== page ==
Federal and state law provides elaborate dispute resolution options ranging from team meetings to mediation to prehearing conferences to administrative hearings. Consequently, an attorney must use an array of legal skills, including negotiation, drafting, and litigation skills. Attorneys must also be prepared to litigate a case into the state or federal appellate levels and to assess the impact of federal attorney fees legislation as a case unfolds.
Issues that commonly arise in special education include disputes about discipline of special education students, discrimination under Section 504 or the ADA, eligibility for services, the level of services necessary, or the placement options necessary for a student to receive an appropriate education in the least restrictive setting.
Attorneys who represent school districts, independent schools, or institutions of higher education may deal with issues of school governance. In this context, attorneys provide advice and guidance on issues such as employment, finance, liability, or student records. Attorneys will be expected to understand, interpret, and provide clear advice on the Family Educational Rights and Privacy Act, the Health Information Privacy & Protection Act, and applicable state laws. For example, questions arise around student access to records, a divorced parent's access to records, the interface between medical and school records, or third-party access to records.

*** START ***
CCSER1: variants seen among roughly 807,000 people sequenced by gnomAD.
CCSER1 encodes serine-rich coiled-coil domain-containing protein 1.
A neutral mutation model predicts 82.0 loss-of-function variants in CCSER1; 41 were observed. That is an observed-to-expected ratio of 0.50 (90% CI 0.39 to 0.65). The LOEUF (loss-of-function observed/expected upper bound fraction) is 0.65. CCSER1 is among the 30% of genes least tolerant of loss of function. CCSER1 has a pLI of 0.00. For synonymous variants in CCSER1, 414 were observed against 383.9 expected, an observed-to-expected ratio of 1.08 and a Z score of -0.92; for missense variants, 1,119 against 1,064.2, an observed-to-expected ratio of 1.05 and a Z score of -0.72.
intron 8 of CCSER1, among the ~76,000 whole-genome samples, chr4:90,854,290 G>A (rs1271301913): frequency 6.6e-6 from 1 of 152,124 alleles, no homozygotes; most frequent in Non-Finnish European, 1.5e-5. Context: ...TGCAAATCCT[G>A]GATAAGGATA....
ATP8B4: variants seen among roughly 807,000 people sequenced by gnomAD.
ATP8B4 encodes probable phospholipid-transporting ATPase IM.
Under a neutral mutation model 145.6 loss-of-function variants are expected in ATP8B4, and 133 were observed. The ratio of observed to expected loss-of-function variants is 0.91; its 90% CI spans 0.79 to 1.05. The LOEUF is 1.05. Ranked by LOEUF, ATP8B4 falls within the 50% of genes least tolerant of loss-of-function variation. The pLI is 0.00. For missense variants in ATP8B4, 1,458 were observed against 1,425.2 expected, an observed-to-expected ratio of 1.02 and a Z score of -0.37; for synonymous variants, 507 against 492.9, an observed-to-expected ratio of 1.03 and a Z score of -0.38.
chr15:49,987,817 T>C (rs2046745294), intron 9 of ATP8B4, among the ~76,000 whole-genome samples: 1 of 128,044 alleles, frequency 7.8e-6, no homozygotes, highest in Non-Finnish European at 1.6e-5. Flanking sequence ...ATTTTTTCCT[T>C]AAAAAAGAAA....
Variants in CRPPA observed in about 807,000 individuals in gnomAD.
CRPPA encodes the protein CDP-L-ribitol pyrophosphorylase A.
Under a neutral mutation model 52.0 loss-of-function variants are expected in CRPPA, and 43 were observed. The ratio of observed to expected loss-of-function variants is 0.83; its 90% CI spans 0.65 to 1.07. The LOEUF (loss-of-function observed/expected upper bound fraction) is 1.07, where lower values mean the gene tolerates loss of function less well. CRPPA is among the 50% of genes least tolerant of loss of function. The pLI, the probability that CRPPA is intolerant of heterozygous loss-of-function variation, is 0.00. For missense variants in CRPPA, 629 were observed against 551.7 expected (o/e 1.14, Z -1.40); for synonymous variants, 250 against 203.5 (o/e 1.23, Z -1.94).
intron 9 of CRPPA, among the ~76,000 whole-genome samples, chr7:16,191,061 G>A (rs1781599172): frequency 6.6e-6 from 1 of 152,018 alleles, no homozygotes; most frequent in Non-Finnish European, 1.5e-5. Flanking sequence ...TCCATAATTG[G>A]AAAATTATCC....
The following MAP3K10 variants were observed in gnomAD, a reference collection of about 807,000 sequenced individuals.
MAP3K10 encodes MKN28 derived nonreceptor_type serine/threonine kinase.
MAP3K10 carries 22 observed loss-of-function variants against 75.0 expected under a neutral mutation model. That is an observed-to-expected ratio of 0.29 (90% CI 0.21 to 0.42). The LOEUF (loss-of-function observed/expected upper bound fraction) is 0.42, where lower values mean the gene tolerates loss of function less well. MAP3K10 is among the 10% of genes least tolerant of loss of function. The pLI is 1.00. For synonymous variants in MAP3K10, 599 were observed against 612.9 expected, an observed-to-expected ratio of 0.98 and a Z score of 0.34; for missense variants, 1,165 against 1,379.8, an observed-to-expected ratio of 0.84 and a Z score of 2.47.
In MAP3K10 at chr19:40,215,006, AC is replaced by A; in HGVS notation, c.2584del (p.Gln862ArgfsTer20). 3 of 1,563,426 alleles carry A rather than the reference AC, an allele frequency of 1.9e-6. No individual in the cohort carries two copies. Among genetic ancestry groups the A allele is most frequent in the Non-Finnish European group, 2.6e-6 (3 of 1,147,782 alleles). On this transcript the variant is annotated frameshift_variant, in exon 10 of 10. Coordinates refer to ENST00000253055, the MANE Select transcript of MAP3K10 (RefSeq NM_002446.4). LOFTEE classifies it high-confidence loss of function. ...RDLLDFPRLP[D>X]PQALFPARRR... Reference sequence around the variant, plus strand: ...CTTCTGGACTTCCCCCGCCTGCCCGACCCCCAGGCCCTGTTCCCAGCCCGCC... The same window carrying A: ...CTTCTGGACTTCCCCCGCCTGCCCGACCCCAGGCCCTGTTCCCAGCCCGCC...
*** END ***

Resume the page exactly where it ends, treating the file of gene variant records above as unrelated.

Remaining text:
Where can I practice Education Law?
When working in education law, you may practice in a variety of settings across the country. This section describes and provides general background information on three distinct practice settings.
These organizations may provide individual case representation, while others may use impact litigation and legislative advocacy to effect changes in education policy. There are often excellent opportunities to work directly with clients on a variety of education law issues ranging from discipline to special education to student and teacher legal rights. Working as members of legal teams or coalitions is generally a part of a non-profit attorney's work in the education field.
The advantages of working in a non-profit organization are that you will be able to work directly with clients in many organizations. In addition, you may be provided more immediate responsibility to handle your own cases and initiatives. Finally, you will be surrounded by attorneys who are deeply committed to education law, and you can receive the full benefit of their depth of knowledge. The disadvantages are that you will likely earn a lower salary than a private firm or a government agency, and, due to the sometimes fluctuating funding for non-profits, such positions may initially be project driven.